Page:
When someone asks me to officiate their wedding, I first ask the person to tell me about him or herself, and his or her partner. Second, I ask the person to tell me about their vision for their wedding. Third, I ask why it is important to them that a rabbi officiate their wedding. I get many different answers to this last question. Many times the Jewish partner will tell me that there is no way it could be different for them; it just feels natural. This was the answer that Renee gave me, right after she told me that technically she was not really Jewish since she never converted! She definitely piqued my curiosity. I had to hear more!
Last week I officiated Renee and Brian’s wedding at a very special location, the Jewish wing of the historic Main Post Chapel at Fort Sam Houston in San Antonio, Texas. This building was dedicated in 1909 by then President Howard Taft. It has plaques commemorating chaplains, officers, and servicemen and women of the recent and not so recent past. You really feel a sense of the past of our armed forces in the building. Renee and Brian, veteran and current service member respectively, felt just right in this hallowed building, as they are a very special couple. Here are the words I shared with them and their guests:
Once you hear Renee’s story in detail and Renee and Brian’s story together, it all makes sense, and has a deeper lesson imbedded in it too. Renee was attracted to the Jewish scene in her youth, and felt very comfortable and supported there. She felt so welcome, that when she joined the army she put down her religion as Jewish. Once again, she felt welcome and supported by fellow Jewish soldiers. Unfortunately, she suffered an injury early on, and had to do a fitness test to move to a different unit. She was very fearful that she would fail the test, or even reinjure herself. Then the Jewish chaplain showed up unannounced, took the test with her, and cheered her on the whole way, till she passed. Obviously, this event made its mark on Renee, and deepened her sense of connection to the Jewish People. This is what brought Renee and Brian to attending their local synagogue today together. They both feel very much at home there. So, of course, it was going to be a rabbi, who would marry them!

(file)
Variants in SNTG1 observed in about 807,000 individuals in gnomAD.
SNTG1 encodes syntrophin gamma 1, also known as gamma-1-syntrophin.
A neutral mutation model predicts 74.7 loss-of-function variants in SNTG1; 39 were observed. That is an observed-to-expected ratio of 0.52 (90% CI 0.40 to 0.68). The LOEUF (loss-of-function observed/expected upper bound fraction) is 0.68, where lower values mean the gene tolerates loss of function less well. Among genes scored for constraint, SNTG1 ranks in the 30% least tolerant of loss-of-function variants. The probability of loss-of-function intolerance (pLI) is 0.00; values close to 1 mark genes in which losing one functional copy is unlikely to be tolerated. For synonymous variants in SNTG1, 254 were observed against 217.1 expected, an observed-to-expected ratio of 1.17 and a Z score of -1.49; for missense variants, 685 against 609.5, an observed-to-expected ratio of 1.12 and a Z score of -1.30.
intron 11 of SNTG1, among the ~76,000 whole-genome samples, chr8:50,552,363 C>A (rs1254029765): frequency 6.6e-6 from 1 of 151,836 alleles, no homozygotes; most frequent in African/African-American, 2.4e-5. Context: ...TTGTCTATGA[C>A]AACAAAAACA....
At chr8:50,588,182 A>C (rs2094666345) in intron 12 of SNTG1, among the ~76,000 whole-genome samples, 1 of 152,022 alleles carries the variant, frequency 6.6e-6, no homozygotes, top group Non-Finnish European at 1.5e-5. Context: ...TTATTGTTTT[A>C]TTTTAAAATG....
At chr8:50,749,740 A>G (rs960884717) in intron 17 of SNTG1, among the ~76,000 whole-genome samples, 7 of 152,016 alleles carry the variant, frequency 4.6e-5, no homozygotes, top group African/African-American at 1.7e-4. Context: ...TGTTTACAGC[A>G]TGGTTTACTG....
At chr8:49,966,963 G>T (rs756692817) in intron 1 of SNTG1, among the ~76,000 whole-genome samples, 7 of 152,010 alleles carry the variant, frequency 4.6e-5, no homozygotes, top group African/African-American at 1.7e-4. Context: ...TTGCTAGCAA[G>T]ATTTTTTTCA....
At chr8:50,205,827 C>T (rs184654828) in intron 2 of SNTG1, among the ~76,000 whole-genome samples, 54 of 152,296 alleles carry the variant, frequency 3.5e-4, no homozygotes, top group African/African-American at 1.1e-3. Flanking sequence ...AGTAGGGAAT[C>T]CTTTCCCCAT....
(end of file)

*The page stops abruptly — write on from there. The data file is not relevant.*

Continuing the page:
In their story Renee and Brian highlight an aspect that is tremendously important for every faith community. Before we think about theology, before we talk about religious practice, before we even mention worship, we must bring comfort. Our most important function as faith communities is to make people comfortable, to bring comfort, to support others. The cool thing about Renee and Brian, is that this is the way they both live their lives. You may not hear them say it, because these are two very modest people. However, if we were able to talk to that chaplain, who ran with her, and her fellow Jewish soldiers, you just know that they would say that Renee is one of the most supportive people they knew. If you would ask Brian’s airmen, and for that matter, if you could ask his canine colleagues over the last 15 years, you just know they would say that this is a guy, who just puts people and animals at ease, and makes them feel comfortable. This is a guy, who will have your back.
Renee and Brian, we are blessed as a community to have you as part of it. We encourage you, as individuals and as a couple to continue growing, to continue setting a great example, and to continue to provide aid, comfort and support to each other and to those around you.